In March, the EU member states eventually decided, following their failure to do so in 2018 and 2019, to give a green light to opening accession negotiations with Albania and North Macedonia. This decision was all the more symbolic since it was kept on the agenda despite the actors’ time and attention being monopolized by the coronavirus crisis. Five weeks later, the EU came out with an unprecedented 3,3 billion euros support package to the Western Balkans in order to cope with the pandemic.

Following harsh criticism over its lack of solidarity towards its members and candidate countries, the EU appeared to raise the challenge with the region through urgent and long-term financial support unmatched by any other EU partner worldwide. Thus, as the communiqué of the Zagreb Summit of 6 May emphasizes, such commitment is evidence of strategic importance of the Western Balkans to the EU.

However, despite the EU reaffirming the “unequivocal support for the European perspective of the Western Balkans”, the words “enlargement” or “integration” were nowhere to be seen, which triggered a debate over whether “enlargement” had become taboo, and “European perspective” a vague and empty formula.

Ironically, the topic of enlargement, discussed at the highest political level, was exhumated by the French president Emmanuel Macron, who never hid his reluctance towards enlargement per se on the ground that, as he stated at the 2018 Sofia Summit, a political Europe cannot exist and work with too many heterogeneous members under the actual treaties and decision-making process. Therefore, the French decision to block Skopje and Tirana last October could be understood, provided it offered an alternative to an integration process that was not working, as an assessment widely shared.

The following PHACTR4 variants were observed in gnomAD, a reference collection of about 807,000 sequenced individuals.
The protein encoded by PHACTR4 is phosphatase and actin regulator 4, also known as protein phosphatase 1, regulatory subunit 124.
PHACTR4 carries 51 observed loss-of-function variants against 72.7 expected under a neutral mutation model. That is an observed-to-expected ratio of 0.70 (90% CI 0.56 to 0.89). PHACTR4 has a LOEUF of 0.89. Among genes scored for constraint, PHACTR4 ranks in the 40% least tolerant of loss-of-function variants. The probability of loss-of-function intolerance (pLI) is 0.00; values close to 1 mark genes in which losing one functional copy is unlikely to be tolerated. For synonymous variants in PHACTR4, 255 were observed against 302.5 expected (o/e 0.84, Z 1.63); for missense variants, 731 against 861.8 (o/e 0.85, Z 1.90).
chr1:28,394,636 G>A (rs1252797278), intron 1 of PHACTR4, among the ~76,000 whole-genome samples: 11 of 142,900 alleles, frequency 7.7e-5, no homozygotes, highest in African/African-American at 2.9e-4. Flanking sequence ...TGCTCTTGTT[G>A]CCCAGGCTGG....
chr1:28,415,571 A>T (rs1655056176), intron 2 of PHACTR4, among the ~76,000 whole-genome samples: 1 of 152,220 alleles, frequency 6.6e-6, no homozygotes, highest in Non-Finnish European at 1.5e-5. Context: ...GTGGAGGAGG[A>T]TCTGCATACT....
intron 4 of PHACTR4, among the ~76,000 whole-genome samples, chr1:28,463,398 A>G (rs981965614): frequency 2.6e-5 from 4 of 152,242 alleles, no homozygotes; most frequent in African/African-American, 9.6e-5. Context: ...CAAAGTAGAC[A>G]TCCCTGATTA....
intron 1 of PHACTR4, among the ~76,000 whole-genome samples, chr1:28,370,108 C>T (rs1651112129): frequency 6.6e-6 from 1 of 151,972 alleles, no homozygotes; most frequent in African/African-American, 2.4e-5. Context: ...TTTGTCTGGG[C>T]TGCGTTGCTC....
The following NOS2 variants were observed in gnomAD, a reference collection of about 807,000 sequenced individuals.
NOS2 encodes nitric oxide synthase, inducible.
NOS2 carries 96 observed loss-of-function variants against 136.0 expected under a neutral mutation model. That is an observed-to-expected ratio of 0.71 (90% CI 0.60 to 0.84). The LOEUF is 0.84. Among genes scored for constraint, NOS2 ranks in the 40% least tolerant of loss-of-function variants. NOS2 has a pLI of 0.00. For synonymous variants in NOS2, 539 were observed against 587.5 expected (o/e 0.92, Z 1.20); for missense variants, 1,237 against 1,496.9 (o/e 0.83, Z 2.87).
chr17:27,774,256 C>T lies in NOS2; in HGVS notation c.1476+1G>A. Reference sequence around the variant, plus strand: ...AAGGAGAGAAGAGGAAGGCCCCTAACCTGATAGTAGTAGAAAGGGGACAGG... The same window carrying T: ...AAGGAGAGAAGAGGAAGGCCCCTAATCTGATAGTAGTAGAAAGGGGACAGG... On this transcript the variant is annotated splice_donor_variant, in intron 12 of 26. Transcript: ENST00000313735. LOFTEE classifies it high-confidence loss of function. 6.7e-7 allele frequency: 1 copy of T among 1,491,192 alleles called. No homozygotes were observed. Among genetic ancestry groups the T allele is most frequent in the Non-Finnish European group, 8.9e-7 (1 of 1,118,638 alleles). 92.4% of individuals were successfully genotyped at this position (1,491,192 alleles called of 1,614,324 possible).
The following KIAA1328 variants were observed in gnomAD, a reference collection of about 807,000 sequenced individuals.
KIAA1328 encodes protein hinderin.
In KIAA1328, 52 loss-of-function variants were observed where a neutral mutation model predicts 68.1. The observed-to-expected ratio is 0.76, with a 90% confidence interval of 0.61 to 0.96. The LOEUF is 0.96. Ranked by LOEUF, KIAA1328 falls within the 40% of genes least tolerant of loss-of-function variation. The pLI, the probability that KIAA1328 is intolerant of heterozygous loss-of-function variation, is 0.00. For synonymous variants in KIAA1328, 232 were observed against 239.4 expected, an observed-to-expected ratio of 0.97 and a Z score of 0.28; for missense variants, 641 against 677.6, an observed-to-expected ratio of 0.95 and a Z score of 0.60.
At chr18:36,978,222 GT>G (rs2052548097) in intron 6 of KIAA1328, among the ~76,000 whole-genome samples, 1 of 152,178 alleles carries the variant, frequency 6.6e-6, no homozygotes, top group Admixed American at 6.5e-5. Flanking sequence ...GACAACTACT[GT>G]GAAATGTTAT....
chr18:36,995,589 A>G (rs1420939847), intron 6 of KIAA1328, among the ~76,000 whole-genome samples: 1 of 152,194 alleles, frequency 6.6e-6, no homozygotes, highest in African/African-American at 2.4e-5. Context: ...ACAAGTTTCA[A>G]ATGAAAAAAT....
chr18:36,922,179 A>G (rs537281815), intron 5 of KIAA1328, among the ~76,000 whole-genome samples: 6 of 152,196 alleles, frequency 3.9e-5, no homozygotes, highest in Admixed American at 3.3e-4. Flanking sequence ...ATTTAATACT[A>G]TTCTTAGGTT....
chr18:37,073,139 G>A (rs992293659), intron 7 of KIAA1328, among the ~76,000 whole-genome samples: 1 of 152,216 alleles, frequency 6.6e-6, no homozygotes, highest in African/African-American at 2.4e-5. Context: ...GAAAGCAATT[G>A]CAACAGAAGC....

The new methodology pushed by France, which the Commission mostly took over and other member states adopted, aroused both scepticism and optimism. Optimism on the part of some segments of the civil society in the Western Balkans, as it would put more emphasis on the reality of reforms and its monitoring by civil society, ending a somehow infantilizing process lacking democratic legitimacy and promoting a “more for more” approach in terms of sectoral integration.

Scepticism as the provisions regarding the increased involvement of member states could lead to political obstruction rather than constructive criticism. Scepticism also because it is questionable whether the new possibility to sanction a candidate country not complying with a cluster of chapters will indeed be used. However politically sensitive it would be, not daring to use it when deemed appropriate would undoubtedly weaken the credibility of this renewed methodology, making it a paper tiger. It ought to be reminded that the two frontrunner candidates for EU integration, Serbia and Montenegro, perfectly matched the definition of “state capture” that the European Commission itself gave in its document of February 2018.

Minister for Europe and Foreign Affairs of France Jean-Yves Le Drian and Minister of Foreign Affairs of Germany Heiko Maas; Photo: Flickr / European Institute at Columbia University

Lack of political will for enlargement mostly present among pro-EU liberal forces